21. Mohnish Bose (via LinkedIn)May 17, 2012 at 12:48 AM

    Social media is important, no doubt..In today's tweet world, nothing moves faster than the news..What is more important is the quality of journalism, not so much the medium. In the urgency of reporting, what often happens is that facts tend to get contorted.

  22. Mohnish, that's a good observation. The contortion of facts often comes about because of lack of context. With limited time and space, things can get left out that would provide a a more well-rounded story. Unfortunately, that doesn't always happen. Thanks for reading!

  23. David Boitano (via LinkedIn)May 17, 2012 at 10:21 AM

    Mohnish makes an excellent point. Often quality reporting is sacrificed when website editors are rushing to be the first to post something. Even if all the newspapers in the world vanished today, there would still be a need for the professionalism and ethics practiced by most print media reporters and editors.

  24. Excellent point, Dave. It seems as though we have a choice: Do you want it fast or do you want it right. Used to be we could have both. Not sure it still applies. Thanks for reading.

  25. Ning Sun (via LinkedIn)May 17, 2012 at 5:12 PM

    I'm so agree that traditional news outlets look more credible and are more convincing, which have been a long time in our life TVs are just a means of relaxing while finding what's going on around the planet. The traditional ones are definitely penetrating into the social media by launching boards on FB, Twitter, which is good as it giving out valuable credible news through faster-spread channels. It especially works for our students when we check out news on Twitter during a break to see what has been "RT" mostly. So yes traditional media won't fade away but is kind of mixing into a larger platform.

  26. Mike Lata (via LinkedIn)May 17, 2012 at 5:13 PM

    Why is it that so many of you guys think advertisers respect real journalism? Or that they pay simply because the content (writing) is good? I seriously doubt this is the case and they respect old writing with small circulations over crappy writing, but venues that will get them more impressions (whether online or print). I also seriously doubt that they pay more for print ads simply because they respect the medium more than ogle Adsense. They only care about their own bottom line and I doubt they have any sort of allegiance to good journalism or print like you guys claim. There is a reason they are paying less or disappearing from print entirely and relying on cheaper online CPM CPC ads.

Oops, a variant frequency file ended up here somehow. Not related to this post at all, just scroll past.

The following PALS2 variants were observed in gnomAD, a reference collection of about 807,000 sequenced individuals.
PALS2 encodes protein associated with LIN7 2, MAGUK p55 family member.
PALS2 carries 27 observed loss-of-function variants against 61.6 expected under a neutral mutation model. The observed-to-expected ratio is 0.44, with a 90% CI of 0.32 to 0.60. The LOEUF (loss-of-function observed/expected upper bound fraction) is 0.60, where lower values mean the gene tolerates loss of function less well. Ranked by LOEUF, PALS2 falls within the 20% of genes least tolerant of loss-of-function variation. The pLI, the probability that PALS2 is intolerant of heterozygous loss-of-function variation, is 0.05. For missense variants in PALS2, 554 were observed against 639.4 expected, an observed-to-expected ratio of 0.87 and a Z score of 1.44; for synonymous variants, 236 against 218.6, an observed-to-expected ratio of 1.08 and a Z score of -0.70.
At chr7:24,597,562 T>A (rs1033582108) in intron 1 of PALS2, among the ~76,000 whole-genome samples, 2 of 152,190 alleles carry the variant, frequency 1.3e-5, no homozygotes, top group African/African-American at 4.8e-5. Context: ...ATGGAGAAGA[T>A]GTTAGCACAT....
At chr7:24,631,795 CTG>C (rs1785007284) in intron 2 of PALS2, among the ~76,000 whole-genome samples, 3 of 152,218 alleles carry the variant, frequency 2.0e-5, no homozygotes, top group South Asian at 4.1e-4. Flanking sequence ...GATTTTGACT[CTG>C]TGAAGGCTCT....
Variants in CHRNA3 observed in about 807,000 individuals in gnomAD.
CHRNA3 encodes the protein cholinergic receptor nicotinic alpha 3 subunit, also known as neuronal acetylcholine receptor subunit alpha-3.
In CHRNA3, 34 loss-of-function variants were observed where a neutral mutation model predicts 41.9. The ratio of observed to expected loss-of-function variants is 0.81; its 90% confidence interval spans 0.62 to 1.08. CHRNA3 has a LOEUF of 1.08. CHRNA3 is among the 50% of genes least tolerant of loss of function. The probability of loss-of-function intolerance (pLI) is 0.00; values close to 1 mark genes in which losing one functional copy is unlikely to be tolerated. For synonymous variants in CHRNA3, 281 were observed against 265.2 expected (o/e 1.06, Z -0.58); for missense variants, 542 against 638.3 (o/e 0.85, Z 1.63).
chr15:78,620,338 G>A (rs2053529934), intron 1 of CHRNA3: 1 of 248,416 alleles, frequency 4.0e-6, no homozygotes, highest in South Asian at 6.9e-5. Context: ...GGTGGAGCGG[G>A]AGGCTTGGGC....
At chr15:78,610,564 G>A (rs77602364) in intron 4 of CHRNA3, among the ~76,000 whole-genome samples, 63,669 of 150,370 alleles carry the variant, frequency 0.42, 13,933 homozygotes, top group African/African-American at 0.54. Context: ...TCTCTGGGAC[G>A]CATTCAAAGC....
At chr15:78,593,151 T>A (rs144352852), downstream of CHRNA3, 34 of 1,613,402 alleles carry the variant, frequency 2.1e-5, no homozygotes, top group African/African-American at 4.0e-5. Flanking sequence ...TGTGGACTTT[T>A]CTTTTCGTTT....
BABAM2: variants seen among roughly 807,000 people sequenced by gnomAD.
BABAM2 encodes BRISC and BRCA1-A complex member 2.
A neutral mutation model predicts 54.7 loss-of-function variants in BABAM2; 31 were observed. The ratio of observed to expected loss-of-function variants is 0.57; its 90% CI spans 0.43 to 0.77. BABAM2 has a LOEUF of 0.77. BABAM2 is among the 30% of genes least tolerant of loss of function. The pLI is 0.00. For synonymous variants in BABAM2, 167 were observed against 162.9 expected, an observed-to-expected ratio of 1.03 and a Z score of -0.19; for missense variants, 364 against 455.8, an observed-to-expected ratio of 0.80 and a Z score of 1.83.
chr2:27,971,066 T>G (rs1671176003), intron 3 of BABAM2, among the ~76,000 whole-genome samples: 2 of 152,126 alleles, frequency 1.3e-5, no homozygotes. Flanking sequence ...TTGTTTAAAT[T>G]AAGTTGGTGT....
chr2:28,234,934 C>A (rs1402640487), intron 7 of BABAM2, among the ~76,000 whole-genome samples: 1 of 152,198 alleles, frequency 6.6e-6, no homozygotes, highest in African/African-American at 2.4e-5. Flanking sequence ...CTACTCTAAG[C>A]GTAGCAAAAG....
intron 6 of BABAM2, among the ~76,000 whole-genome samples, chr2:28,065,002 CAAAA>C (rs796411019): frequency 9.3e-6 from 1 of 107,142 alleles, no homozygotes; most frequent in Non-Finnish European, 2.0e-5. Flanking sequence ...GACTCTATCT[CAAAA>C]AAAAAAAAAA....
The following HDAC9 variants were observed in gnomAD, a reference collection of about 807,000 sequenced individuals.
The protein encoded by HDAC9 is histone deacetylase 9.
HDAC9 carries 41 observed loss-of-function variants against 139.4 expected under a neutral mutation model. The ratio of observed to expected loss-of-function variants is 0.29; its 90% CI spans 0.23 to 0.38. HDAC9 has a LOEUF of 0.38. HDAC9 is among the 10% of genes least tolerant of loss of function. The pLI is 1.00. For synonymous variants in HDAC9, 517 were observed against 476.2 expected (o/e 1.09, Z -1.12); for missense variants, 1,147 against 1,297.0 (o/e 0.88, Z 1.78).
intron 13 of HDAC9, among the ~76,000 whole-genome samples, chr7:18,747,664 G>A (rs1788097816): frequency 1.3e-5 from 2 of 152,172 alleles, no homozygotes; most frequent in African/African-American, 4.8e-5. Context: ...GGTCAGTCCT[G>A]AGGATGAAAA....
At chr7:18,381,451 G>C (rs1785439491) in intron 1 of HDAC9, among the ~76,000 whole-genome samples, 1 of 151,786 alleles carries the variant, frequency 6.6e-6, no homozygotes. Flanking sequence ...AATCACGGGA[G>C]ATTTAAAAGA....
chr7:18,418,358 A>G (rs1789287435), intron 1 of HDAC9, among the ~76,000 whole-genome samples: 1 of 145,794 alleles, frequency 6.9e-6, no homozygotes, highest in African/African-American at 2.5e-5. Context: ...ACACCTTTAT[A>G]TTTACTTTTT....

I mean, I really doubt any of those big companies who are relying on low paid bloggers and content writers to market their companies by putting ads on eLance, Craigslist, or other such job boards will put their company ads inprint because they respect the quality of writing. They don't even respect their own writers anymore and even in silicon valley they try to get the cheapest writers as possible.

  27. Mike Lata (via LinkedIn)May 17, 2012 at 5:14 PM

    Here is how much Apple respects authors and writers:

  28. Paul Ivice (via LinkedIn)May 17, 2012 at 5:15 PM

    The problem with your argument, Mike, is that online ads may reach more people, but they do not have the impact or penetration of print ads or ads in other electronic media, such as TV and radio.

    The move by General Motors to pull its ads from Facebook is only the beginning of this realization among advertisers that simply becuase their ad is on the same page as something an Internet user is reading does not mean the reader pays any attention to the ad, even subliminally.

    For most Internet users, the ads are an annoyance that is avoided as much as possible.

  29. Ian Shalapata (via LinkedIn)May 17, 2012 at 5:16 PM

    Paul, What you've said can also be said of print ads and the TV ads that people, now-a-days, TiVo straight through. If GM won't advertise on the internet, then where?

  30. Paul Ivice (via LinkedIn)May 17, 2012 at 5:17 PM

    Not as many people skip past commercials on TV as you think, though more say they do. Furthermore, automobile ads on TV are much more attractive and compelling that those on the net. I don't know what GM's ad plans are, but it will be interesting to see, and to see what other major corporations follow their lead away from advertising on Facebook or other places on the net.

  31. As someone who has been dealing with the world-wide news media -- MSM and social -- for more than 50 years, I share Paul Ivice's concern about the social media: "What is "un" about news on social media is it's unedited, unresearched, unsourced, unreliable.and often unbelievable." But the traditional media has caused this to happen. When I was at Syracuse University in the '70's, they were beginning to teach "advocacy journalism", and that is mostly what we see today, and what disturbs many people. We need traditional news media to get into the social media game and to highlight news that is not advocacy journalism, and is "edited, researched, sourced, reliable, and believable." The American reader has a basic sense of fairness and will respond to that. Right now they are responding to what they see as automatic bias in the news media, and "taking the news into their own hands." I'd like to see the traditional media step up and challenge that with the professional credibility and training at their fingertips. Sadly, most traditional media now run not by news persons, but by bean counters.